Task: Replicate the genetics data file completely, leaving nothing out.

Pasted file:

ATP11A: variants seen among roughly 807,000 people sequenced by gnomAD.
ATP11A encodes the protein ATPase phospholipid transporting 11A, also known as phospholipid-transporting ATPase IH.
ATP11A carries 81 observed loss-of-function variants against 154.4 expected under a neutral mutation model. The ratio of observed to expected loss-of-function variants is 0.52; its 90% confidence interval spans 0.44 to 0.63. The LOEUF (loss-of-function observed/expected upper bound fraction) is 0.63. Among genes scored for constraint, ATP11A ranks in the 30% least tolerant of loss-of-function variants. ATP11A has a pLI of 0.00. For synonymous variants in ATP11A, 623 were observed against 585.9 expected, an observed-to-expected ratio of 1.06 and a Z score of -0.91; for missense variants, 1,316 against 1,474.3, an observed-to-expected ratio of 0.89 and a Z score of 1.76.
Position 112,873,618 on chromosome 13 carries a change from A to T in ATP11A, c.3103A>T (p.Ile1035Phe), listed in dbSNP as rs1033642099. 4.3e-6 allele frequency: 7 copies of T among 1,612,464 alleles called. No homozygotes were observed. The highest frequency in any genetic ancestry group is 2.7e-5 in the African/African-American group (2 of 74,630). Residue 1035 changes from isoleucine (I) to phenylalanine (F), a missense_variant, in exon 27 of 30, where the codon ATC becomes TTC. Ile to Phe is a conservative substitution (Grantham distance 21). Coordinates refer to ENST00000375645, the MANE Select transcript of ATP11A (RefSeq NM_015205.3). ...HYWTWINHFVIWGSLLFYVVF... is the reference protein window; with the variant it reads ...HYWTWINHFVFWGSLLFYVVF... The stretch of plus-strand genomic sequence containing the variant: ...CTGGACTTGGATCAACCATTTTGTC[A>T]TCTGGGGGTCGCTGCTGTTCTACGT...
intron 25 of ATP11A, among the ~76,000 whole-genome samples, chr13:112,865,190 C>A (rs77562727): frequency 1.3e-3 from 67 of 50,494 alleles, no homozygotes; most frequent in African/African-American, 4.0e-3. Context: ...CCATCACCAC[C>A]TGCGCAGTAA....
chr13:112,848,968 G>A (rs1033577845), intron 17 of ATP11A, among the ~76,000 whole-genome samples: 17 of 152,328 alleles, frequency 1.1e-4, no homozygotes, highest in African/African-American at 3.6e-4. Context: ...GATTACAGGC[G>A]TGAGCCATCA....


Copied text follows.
ATP11A: variants seen among roughly 807,000 people sequenced by gnomAD.
ATP11A encodes the protein ATPase phospholipid transporting 11A, also known as phospholipid-transporting ATPase IH.
ATP11A carries 81 observed loss-of-function variants against 154.4 expected under a neutral mutation model. The ratio of observed to expected loss-of-function variants is 0.52; its 90% confidence interval spans 0.44 to 0.63. The LOEUF (loss-of-function observed/expected upper bound fraction) is 0.63. Among genes scored for constraint, ATP11A ranks in the 30% least tolerant of loss-of-function variants. ATP11A has a pLI of 0.00. For synonymous variants in ATP11A, 623 were observed against 585.9 expected, an observed-to-expected ratio of 1.06 and a Z score of -0.91; for missense variants, 1,316 against 1,474.3, an observed-to-expected ratio of 0.89 and a Z score of 1.76.
Position 112,873,618 on chromosome 13 carries a change from A to T in ATP11A, c.3103A>T (p.Ile1035Phe), listed in dbSNP as rs1033642099. 4.3e-6 allele frequency: 7 copies of T among 1,612,464 alleles called. No homozygotes were observed. The highest frequency in any genetic ancestry group is 2.7e-5 in the African/African-American group (2 of 74,630). Residue 1035 changes from isoleucine (I) to phenylalanine (F), a missense_variant, in exon 27 of 30, where the codon ATC becomes TTC. Ile to Phe is a conservative substitution (Grantham distance 21). Coordinates refer to ENST00000375645, the MANE Select transcript of ATP11A (RefSeq NM_015205.3). ...HYWTWINHFVIWGSLLFYVVF... is the reference protein window; with the variant it reads ...HYWTWINHFVFWGSLLFYVVF... The stretch of plus-strand genomic sequence containing the variant: ...CTGGACTTGGATCAACCATTTTGTC[A>T]TCTGGGGGTCGCTGCTGTTCTACGT...
intron 25 of ATP11A, among the ~76,000 whole-genome samples, chr13:112,865,190 C>A (rs77562727): frequency 1.3e-3 from 67 of 50,494 alleles, no homozygotes; most frequent in African/African-American, 4.0e-3. Context: ...CCATCACCAC[C>A]TGCGCAGTAA....
chr13:112,848,968 G>A (rs1033577845), intron 17 of ATP11A, among the ~76,000 whole-genome samples: 17 of 152,328 alleles, frequency 1.1e-4, no homozygotes, highest in African/African-American at 3.6e-4. Context: ...GATTACAGGC[G>A]TGAGCCATCA....